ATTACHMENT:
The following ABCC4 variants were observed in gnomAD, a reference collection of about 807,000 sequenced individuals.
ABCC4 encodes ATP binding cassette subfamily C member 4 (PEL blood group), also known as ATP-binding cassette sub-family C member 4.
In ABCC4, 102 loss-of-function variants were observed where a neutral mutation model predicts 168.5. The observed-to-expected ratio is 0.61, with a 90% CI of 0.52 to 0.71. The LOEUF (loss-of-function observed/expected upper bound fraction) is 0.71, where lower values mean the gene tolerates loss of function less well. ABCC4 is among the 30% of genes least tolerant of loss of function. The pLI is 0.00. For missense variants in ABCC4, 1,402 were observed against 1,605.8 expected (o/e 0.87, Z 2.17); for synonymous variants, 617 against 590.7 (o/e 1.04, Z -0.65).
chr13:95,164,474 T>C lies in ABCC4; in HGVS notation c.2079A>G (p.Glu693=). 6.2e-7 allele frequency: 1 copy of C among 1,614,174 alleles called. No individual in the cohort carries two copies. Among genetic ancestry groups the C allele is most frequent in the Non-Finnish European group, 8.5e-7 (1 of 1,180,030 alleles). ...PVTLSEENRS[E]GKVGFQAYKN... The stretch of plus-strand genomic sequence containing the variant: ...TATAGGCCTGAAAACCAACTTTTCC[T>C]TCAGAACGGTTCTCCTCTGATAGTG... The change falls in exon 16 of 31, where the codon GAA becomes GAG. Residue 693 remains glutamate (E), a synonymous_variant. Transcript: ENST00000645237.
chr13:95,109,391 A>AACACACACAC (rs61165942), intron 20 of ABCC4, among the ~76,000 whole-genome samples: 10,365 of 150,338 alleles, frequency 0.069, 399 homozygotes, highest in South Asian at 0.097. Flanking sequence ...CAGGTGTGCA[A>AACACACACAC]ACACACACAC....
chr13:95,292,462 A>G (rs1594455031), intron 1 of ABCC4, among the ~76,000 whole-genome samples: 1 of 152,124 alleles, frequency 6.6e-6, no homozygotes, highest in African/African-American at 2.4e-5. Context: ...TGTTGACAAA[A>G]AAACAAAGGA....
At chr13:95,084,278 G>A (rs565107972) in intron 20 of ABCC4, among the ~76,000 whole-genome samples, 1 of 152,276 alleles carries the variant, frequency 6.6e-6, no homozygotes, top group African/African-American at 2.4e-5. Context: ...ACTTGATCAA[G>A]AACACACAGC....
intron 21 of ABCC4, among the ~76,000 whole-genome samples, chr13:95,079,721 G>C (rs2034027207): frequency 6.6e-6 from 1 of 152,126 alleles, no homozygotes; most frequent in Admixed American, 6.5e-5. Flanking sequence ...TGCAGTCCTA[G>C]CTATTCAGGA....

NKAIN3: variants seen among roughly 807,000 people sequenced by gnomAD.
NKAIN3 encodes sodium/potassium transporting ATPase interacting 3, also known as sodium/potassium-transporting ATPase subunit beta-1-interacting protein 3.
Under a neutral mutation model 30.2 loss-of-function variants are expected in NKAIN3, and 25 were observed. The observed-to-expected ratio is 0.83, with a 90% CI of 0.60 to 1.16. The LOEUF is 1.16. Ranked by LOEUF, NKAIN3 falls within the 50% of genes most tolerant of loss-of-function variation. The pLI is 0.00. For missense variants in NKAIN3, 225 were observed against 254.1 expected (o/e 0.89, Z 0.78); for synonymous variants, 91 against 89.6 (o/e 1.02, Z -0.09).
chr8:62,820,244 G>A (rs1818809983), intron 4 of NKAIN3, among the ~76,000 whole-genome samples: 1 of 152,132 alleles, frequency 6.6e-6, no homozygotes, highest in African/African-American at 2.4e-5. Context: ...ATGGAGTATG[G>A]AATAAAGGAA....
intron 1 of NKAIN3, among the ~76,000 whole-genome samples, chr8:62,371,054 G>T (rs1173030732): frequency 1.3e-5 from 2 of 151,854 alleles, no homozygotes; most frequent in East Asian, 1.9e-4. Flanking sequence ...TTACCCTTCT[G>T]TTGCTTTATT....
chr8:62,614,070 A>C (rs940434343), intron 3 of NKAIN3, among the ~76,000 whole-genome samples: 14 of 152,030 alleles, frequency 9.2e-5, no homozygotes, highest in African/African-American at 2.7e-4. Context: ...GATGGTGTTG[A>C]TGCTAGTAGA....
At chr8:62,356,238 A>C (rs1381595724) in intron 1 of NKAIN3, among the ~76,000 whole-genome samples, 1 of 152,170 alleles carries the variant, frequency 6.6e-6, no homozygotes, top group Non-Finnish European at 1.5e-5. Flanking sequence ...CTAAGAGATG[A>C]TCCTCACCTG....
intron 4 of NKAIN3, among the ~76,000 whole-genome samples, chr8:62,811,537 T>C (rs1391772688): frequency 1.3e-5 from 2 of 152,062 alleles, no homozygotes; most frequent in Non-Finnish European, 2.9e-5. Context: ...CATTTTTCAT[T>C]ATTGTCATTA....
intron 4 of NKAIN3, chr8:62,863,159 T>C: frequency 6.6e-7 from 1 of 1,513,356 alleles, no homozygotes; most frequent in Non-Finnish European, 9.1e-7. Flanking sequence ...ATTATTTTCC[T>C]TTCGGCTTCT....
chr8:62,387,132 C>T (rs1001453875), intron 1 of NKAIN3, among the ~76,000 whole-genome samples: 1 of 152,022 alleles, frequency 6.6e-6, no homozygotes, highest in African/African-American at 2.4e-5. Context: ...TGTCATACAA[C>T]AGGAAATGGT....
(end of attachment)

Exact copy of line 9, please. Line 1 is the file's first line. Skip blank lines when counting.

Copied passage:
NKAIN3: variants seen among roughly 807,000 people sequenced by gnomAD.